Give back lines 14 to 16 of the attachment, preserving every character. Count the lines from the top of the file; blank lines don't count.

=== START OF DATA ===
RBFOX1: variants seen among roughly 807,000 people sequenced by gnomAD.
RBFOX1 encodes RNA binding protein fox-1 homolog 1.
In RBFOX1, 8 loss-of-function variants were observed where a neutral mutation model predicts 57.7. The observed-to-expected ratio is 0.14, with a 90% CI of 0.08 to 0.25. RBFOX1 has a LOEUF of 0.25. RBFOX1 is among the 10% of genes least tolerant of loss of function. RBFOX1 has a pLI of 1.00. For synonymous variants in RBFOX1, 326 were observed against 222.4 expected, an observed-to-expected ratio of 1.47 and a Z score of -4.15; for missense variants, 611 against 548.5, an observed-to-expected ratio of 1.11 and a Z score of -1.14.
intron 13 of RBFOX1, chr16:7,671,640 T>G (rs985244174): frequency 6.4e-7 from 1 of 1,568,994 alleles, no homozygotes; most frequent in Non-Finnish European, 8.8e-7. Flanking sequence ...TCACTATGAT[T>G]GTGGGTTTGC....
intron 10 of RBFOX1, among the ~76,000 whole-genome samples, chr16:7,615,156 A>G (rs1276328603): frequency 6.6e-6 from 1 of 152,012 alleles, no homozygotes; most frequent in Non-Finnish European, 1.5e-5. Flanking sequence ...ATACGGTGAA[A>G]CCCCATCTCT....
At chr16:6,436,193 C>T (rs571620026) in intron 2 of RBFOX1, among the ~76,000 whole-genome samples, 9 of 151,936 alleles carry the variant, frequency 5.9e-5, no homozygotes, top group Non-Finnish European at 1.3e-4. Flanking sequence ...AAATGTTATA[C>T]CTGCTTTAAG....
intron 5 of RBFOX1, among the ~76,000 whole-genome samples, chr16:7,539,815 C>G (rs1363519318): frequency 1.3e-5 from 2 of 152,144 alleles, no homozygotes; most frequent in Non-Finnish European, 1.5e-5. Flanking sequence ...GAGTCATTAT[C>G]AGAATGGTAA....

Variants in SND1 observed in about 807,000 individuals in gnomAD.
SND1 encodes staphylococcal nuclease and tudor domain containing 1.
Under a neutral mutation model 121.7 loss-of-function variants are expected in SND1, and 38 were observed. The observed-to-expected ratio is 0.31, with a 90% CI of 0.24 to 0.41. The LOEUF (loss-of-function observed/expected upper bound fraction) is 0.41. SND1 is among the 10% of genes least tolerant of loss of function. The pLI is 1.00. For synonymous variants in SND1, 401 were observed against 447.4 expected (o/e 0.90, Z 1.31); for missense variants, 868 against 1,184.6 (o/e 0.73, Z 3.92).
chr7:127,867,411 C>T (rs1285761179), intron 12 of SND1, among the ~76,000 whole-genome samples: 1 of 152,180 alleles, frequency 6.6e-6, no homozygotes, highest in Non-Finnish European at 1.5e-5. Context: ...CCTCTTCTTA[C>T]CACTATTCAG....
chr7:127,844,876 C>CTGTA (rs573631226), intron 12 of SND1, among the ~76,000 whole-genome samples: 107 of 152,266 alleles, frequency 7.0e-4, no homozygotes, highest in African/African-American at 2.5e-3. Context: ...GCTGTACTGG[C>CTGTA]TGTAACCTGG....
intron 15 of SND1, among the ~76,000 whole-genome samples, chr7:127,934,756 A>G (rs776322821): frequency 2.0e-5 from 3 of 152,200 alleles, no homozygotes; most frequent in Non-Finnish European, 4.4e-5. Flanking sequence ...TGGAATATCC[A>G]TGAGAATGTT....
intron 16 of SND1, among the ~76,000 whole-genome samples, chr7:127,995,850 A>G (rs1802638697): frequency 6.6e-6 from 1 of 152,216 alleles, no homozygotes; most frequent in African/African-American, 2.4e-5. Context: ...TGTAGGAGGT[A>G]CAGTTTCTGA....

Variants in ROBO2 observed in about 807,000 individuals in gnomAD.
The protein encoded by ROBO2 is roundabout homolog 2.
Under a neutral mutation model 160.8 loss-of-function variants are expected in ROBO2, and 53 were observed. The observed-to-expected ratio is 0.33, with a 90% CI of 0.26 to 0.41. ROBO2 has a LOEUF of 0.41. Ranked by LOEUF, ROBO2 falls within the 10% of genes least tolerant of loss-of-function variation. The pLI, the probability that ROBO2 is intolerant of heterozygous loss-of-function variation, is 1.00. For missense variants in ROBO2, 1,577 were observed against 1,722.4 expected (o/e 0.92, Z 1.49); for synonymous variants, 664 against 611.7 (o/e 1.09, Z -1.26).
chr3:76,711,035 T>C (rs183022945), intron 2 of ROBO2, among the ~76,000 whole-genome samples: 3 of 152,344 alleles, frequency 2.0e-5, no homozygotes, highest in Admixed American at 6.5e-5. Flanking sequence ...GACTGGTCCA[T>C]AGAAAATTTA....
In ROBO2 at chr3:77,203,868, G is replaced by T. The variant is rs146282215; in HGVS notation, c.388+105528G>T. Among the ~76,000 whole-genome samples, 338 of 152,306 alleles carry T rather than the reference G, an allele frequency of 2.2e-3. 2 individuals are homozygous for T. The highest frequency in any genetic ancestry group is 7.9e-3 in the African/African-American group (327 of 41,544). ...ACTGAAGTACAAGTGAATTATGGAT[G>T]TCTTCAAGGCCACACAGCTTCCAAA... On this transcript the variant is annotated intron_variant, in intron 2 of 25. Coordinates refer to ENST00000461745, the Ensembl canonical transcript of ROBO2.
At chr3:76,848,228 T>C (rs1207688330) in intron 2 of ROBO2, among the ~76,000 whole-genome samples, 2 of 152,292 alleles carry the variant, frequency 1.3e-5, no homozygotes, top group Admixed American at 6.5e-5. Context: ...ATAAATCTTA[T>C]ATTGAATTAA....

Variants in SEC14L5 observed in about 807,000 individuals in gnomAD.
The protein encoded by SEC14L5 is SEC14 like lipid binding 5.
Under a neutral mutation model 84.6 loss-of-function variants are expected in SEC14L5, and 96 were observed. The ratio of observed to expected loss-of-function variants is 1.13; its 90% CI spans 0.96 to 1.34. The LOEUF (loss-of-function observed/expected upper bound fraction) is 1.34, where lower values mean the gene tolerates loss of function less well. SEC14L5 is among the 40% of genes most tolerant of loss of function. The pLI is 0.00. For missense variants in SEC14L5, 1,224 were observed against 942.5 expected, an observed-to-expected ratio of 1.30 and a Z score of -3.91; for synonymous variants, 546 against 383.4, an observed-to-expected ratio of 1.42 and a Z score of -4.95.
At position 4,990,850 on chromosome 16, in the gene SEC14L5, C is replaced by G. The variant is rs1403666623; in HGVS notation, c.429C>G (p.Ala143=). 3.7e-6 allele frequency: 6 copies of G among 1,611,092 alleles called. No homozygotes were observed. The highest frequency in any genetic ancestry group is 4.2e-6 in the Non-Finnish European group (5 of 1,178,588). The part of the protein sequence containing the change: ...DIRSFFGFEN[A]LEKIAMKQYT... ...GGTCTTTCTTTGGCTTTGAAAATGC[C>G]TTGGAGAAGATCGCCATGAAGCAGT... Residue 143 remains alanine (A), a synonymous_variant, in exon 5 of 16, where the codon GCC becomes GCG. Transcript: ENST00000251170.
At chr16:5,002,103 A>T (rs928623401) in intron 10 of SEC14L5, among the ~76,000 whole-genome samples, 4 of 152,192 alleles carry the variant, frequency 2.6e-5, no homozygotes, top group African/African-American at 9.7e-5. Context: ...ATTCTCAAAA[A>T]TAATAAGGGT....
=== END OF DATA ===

intron 16 of SND1, among the ~76,000 whole-genome samples, chr7:127,995,850 A>G (rs1802638697): frequency 6.6e-6 from 1 of 152,216 alleles, no homozygotes; most frequent in African/African-American, 2.4e-5. Context: ...TGTAGGAGGT[A>G]CAGTTTCTGA....

Variants in ROBO2 observed in about 807,000 individuals in gnomAD.
The protein encoded by ROBO2 is roundabout homolog 2.